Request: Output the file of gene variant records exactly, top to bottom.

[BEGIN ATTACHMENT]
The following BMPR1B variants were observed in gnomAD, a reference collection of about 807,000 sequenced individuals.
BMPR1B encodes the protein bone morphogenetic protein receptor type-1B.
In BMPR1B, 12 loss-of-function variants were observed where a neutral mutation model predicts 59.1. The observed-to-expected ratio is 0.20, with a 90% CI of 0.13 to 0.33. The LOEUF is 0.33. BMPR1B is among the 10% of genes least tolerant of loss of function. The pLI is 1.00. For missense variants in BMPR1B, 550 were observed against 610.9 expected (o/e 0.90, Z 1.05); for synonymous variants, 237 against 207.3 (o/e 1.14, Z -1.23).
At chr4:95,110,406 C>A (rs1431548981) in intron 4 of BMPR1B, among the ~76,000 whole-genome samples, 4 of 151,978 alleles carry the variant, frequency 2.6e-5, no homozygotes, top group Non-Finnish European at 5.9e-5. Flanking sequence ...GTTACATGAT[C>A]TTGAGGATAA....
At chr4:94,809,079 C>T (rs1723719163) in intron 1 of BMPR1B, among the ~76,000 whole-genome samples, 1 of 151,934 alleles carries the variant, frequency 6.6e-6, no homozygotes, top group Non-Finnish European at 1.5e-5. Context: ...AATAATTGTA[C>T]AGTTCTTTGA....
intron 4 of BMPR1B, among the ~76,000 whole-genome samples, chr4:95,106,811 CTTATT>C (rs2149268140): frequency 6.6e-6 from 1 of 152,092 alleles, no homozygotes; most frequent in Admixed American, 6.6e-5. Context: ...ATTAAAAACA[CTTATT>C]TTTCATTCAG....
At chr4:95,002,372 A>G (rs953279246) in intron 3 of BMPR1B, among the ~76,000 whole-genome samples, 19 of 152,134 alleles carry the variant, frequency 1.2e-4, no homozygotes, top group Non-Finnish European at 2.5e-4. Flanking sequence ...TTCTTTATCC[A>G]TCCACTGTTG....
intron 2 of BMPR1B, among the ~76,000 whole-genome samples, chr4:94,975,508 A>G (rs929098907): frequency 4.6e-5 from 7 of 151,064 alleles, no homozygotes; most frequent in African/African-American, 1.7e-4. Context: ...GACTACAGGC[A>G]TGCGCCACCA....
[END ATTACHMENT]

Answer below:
The following BMPR1B variants were observed in gnomAD, a reference collection of about 807,000 sequenced individuals.
BMPR1B encodes the protein bone morphogenetic protein receptor type-1B.
In BMPR1B, 12 loss-of-function variants were observed where a neutral mutation model predicts 59.1. The observed-to-expected ratio is 0.20, with a 90% CI of 0.13 to 0.33. The LOEUF is 0.33. BMPR1B is among the 10% of genes least tolerant of loss of function. The pLI is 1.00. For missense variants in BMPR1B, 550 were observed against 610.9 expected (o/e 0.90, Z 1.05); for synonymous variants, 237 against 207.3 (o/e 1.14, Z -1.23).
At chr4:95,110,406 C>A (rs1431548981) in intron 4 of BMPR1B, among the ~76,000 whole-genome samples, 4 of 151,978 alleles carry the variant, frequency 2.6e-5, no homozygotes, top group Non-Finnish European at 5.9e-5. Flanking sequence ...GTTACATGAT[C>A]TTGAGGATAA....
At chr4:94,809,079 C>T (rs1723719163) in intron 1 of BMPR1B, among the ~76,000 whole-genome samples, 1 of 151,934 alleles carries the variant, frequency 6.6e-6, no homozygotes, top group Non-Finnish European at 1.5e-5. Context: ...AATAATTGTA[C>T]AGTTCTTTGA....
intron 4 of BMPR1B, among the ~76,000 whole-genome samples, chr4:95,106,811 CTTATT>C (rs2149268140): frequency 6.6e-6 from 1 of 152,092 alleles, no homozygotes; most frequent in Admixed American, 6.6e-5. Context: ...ATTAAAAACA[CTTATT>C]TTTCATTCAG....
At chr4:95,002,372 A>G (rs953279246) in intron 3 of BMPR1B, among the ~76,000 whole-genome samples, 19 of 152,134 alleles carry the variant, frequency 1.2e-4, no homozygotes, top group Non-Finnish European at 2.5e-4. Flanking sequence ...TTCTTTATCC[A>G]TCCACTGTTG....
intron 2 of BMPR1B, among the ~76,000 whole-genome samples, chr4:94,975,508 A>G (rs929098907): frequency 4.6e-5 from 7 of 151,064 alleles, no homozygotes; most frequent in African/African-American, 1.7e-4. Context: ...GACTACAGGC[A>G]TGCGCCACCA....